Abstract: 

This article examines whether questions embedded in geography textbooks address three components of spatial thinking: concepts of space, tools of representation, and processes of reasoning. A three-dimensional taxonomy of spatial thinking was developed and used to evaluate questions in four high school level geography textbooks. The results indicate that textbook questions focus on low-level spatial concepts more frequently than high-level spatial concepts; few questions require students to create various kinds of spatial representations; and textbook questions only rarely encourage higher-order cognitive skills. The study provides insights on the design and use of textbook questions to foster learning to think spatially.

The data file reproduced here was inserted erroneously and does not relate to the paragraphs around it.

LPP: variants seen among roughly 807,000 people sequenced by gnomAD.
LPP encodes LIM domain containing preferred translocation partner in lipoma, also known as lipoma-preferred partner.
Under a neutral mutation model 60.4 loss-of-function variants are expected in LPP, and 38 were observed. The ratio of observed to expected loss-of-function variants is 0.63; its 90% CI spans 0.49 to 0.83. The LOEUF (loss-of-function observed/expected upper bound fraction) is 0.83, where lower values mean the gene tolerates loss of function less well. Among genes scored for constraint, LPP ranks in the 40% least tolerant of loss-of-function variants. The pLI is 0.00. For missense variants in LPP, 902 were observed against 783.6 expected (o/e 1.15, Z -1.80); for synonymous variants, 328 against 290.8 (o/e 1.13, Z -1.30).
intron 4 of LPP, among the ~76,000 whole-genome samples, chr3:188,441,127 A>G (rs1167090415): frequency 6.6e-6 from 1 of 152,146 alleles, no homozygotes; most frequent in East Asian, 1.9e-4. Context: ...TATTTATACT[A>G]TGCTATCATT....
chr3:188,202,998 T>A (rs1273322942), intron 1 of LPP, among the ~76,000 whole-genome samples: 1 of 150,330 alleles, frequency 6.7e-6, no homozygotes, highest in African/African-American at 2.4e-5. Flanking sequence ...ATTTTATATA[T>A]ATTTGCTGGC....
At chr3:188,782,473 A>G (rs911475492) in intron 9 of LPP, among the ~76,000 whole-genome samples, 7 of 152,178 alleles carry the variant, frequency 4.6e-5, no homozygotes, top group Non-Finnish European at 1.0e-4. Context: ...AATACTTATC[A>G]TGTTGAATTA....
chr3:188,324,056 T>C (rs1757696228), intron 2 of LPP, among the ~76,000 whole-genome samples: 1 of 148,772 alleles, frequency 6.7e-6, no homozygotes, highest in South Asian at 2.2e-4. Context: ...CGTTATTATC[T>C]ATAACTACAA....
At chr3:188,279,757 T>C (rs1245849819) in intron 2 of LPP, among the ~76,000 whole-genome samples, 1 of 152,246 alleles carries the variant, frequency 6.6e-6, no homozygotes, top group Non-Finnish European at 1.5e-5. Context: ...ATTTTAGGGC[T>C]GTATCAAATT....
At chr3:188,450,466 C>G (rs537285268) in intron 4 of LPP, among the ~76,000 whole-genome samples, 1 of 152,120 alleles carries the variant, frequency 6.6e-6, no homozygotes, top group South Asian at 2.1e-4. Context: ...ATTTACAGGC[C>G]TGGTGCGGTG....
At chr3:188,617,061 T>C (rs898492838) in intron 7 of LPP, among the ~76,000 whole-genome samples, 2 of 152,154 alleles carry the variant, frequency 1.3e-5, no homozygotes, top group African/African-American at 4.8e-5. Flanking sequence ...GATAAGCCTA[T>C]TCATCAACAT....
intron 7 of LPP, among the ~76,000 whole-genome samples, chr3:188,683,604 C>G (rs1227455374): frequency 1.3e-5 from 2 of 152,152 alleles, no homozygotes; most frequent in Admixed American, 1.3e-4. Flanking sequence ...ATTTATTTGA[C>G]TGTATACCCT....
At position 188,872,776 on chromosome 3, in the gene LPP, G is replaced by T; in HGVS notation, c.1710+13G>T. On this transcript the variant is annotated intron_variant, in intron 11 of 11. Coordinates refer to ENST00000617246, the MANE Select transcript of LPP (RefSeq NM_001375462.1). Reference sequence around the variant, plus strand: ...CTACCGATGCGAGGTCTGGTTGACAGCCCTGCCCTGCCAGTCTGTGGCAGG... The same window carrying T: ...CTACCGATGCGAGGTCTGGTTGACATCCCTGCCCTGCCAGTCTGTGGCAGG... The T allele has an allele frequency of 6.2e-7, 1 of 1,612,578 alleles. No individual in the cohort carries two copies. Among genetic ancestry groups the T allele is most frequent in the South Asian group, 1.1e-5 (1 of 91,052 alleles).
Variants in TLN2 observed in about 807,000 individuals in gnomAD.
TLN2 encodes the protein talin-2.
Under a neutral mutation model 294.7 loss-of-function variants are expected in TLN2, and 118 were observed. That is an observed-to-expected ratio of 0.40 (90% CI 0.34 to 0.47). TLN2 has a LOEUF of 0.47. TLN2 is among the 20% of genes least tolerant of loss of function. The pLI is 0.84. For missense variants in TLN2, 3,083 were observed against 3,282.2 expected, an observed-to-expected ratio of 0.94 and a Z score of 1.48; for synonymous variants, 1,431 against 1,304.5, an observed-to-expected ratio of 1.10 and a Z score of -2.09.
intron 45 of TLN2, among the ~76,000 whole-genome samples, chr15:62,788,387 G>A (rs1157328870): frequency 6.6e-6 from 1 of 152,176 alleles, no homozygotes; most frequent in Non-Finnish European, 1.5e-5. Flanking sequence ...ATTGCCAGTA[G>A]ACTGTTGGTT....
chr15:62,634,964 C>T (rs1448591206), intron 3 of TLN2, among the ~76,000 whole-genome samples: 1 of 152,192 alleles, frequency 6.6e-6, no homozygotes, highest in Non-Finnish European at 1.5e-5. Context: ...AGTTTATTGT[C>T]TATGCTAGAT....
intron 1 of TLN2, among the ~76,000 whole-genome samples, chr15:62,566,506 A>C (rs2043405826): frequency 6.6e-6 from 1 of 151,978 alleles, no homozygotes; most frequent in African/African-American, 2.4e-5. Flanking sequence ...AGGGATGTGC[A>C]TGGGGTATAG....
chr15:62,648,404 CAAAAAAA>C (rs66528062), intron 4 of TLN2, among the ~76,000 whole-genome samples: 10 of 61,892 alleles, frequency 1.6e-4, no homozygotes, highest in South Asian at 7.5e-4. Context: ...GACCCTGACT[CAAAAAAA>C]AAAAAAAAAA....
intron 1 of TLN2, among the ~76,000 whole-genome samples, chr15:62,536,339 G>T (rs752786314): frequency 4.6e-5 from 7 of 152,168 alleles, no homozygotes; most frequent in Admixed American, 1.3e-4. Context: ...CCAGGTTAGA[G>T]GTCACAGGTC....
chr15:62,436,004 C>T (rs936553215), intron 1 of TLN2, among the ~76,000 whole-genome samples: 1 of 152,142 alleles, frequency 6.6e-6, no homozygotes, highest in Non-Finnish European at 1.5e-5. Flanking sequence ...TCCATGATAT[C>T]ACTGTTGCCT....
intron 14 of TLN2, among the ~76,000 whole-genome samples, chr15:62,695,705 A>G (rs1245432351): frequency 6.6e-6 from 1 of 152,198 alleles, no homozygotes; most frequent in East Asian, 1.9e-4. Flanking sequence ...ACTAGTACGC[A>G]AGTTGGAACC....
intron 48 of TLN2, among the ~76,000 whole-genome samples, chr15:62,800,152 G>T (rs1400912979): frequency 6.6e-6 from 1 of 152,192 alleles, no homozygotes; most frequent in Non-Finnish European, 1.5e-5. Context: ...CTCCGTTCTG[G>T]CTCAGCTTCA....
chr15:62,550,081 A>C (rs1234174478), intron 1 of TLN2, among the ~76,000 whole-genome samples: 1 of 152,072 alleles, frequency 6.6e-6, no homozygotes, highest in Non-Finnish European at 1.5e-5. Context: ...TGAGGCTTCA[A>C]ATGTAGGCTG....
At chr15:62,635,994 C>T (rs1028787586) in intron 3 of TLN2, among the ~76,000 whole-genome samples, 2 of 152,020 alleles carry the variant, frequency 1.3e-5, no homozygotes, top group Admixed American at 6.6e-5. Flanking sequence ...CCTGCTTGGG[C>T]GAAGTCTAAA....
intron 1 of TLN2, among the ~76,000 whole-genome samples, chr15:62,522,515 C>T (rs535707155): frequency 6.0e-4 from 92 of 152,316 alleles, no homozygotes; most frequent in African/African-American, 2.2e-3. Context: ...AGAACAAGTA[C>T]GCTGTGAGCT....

Full citation: 

Jo, I. and S. Bednarz. 2009. Evaluating Geography Textbook Questions from a Spatial Perspective: Using Concepts of Space, Tools of Representation, and Cognitive Processes to Evaluate Spatiality. Journal of Geography 108: 4-13.

Title: 
Evaluating Geography Textbook Questions from a Spatial Perspective: Using Concepts of Space, Tools of Representation, and Cognitive Processes to Evaluate Spatiality

Author(s): 
Injeong Jo and Sarah Bednarz